Science Fair Project Encyclopedia
More formally, the operator norm of a bounded linear operator L from V to W, where V and W are both normed real (or complex) vector spaces, is defined as the supremum of ||L(v)|| taken over all v in V of norm 1. This definition uses the property ||c.v|| = |c|.||v|| where c is a scalar, to restrict attention to v with ||v|| = 1. Geometrically we need (for real scalars) to look at one vector only on each ray out from the origin 0.
A linear operator is bounded (and hence continuous) precisely if it has a (finite) operator norm.
The operator norm indeed satisfies the conditions for being a norm, so the space of all bounded linear transformations from V to W is itself a normed vector space. It is complete if W is complete.
Equivalent definitions for the operator norm
One can show that the following equalities hold for the norm of a bounded linear operator:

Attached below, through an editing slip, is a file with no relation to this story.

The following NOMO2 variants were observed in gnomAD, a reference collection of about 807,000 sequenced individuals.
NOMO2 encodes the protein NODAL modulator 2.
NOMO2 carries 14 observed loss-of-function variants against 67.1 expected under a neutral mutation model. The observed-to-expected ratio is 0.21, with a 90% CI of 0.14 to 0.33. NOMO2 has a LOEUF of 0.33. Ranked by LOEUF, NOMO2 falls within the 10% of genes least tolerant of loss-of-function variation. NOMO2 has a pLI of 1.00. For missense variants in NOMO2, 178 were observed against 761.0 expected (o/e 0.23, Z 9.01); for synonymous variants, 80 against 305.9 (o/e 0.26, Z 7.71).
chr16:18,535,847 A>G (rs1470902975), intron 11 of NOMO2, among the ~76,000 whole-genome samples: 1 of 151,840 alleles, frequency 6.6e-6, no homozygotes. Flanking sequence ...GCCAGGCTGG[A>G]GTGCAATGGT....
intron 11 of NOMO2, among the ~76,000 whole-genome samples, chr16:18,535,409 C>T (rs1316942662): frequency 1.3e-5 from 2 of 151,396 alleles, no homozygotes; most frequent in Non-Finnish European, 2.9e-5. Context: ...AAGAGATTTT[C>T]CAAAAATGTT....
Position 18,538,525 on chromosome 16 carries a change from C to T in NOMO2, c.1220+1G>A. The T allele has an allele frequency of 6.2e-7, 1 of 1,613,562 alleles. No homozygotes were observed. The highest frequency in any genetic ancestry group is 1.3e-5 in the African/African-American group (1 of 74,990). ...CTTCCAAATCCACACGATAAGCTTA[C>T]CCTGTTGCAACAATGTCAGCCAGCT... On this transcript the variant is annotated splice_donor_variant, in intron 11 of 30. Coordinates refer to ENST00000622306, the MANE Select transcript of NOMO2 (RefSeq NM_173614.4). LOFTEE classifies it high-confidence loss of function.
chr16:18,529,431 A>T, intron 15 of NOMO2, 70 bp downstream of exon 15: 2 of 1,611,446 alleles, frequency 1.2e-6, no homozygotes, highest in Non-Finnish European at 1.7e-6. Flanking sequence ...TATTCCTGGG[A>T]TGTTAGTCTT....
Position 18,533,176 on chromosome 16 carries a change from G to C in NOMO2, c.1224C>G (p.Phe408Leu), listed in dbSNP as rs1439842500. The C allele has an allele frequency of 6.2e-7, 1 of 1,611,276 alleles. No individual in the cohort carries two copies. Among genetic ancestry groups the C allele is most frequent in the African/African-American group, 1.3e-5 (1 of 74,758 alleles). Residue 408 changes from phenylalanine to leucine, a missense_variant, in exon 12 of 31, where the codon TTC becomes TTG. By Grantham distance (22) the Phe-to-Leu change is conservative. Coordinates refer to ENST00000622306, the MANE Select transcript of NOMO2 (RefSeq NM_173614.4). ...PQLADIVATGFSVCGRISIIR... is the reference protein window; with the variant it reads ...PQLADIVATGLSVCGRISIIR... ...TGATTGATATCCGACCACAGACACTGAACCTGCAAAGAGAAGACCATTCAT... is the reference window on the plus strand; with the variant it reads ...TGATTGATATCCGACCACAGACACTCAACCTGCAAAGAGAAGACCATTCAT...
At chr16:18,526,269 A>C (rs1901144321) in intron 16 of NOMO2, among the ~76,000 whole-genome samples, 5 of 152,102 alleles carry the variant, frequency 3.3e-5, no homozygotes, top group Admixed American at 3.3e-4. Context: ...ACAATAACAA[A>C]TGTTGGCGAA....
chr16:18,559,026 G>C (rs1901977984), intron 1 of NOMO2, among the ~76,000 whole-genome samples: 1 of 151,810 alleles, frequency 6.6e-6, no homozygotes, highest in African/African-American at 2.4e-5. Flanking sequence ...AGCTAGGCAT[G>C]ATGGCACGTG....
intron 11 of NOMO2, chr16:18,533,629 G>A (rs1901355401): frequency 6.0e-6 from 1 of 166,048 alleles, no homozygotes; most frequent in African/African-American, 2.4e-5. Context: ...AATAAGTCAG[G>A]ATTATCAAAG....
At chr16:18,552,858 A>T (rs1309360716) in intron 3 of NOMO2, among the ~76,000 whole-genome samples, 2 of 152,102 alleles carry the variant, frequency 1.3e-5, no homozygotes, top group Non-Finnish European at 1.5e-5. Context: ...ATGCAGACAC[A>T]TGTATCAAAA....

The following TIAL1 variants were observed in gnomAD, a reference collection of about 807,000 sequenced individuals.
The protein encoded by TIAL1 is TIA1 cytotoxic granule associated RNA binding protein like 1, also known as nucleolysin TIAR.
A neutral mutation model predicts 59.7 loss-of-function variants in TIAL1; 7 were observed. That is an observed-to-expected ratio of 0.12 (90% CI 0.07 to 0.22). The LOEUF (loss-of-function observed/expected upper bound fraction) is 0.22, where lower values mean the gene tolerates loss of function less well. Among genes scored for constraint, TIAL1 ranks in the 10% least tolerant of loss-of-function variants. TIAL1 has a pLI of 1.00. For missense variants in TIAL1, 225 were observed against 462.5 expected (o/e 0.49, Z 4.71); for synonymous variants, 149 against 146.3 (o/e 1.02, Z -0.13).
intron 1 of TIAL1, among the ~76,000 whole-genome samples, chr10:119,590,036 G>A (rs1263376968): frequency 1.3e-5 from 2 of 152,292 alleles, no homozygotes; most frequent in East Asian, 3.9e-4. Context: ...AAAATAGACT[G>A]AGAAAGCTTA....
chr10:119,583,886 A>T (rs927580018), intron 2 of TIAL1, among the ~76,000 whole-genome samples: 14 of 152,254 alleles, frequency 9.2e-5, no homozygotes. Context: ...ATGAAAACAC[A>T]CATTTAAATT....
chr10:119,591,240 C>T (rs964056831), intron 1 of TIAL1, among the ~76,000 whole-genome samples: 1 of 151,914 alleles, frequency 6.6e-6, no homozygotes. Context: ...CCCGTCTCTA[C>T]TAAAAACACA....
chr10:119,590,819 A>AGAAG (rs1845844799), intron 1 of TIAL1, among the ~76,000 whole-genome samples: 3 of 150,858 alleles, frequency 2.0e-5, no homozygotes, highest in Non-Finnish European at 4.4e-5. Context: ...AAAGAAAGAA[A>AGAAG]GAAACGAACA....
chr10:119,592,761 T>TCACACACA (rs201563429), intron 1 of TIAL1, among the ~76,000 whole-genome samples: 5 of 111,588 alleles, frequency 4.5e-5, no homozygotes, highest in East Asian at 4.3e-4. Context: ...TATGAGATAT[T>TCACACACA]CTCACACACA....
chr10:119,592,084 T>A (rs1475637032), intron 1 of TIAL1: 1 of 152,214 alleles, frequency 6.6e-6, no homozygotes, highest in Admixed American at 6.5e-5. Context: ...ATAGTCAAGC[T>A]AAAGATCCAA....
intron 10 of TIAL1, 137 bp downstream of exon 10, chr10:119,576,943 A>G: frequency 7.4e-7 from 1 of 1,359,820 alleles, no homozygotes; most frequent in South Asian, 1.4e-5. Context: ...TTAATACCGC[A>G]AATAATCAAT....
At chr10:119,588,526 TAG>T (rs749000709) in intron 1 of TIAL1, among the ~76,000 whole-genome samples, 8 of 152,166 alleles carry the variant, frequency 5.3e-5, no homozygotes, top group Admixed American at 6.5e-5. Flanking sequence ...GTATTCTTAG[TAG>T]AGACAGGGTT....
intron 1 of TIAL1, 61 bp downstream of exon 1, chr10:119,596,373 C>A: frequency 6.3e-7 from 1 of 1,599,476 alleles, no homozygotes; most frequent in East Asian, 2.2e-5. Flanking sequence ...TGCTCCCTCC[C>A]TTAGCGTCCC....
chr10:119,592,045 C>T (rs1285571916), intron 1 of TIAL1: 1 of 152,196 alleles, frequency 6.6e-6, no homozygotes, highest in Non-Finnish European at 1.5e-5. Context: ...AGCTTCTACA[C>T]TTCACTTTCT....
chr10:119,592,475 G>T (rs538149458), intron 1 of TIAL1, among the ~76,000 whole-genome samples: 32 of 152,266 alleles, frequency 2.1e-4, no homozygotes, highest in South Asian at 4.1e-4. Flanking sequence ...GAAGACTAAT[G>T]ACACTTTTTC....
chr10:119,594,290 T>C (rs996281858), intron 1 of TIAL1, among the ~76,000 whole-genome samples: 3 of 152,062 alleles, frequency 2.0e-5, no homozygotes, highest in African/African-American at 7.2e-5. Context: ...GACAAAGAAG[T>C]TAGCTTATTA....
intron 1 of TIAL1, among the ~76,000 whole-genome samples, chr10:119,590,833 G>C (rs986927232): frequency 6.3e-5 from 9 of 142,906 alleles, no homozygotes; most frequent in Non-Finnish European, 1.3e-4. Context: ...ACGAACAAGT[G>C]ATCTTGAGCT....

An induced matrix norm is the operator norm of a matrix viewed as a linear transformation.
Computing the operator norm
Finding the norm of a given operator is often a difficult problem. Even for matrices it can be nontrivial. One way of finding the norm of a matrix A (with complex entries) is to compute A*A, which will be a non-negative hermitian operator, and then find its largest eigenvalue. This non-negative real number is then the square of the norm of A. However, it can be computationally difficult to find the largest eigenvalue of a given matrix.
The contents of this article is licensed from www.wikipedia.org under the GNU Free Documentation License. Click here to see the transparent copy and copyright details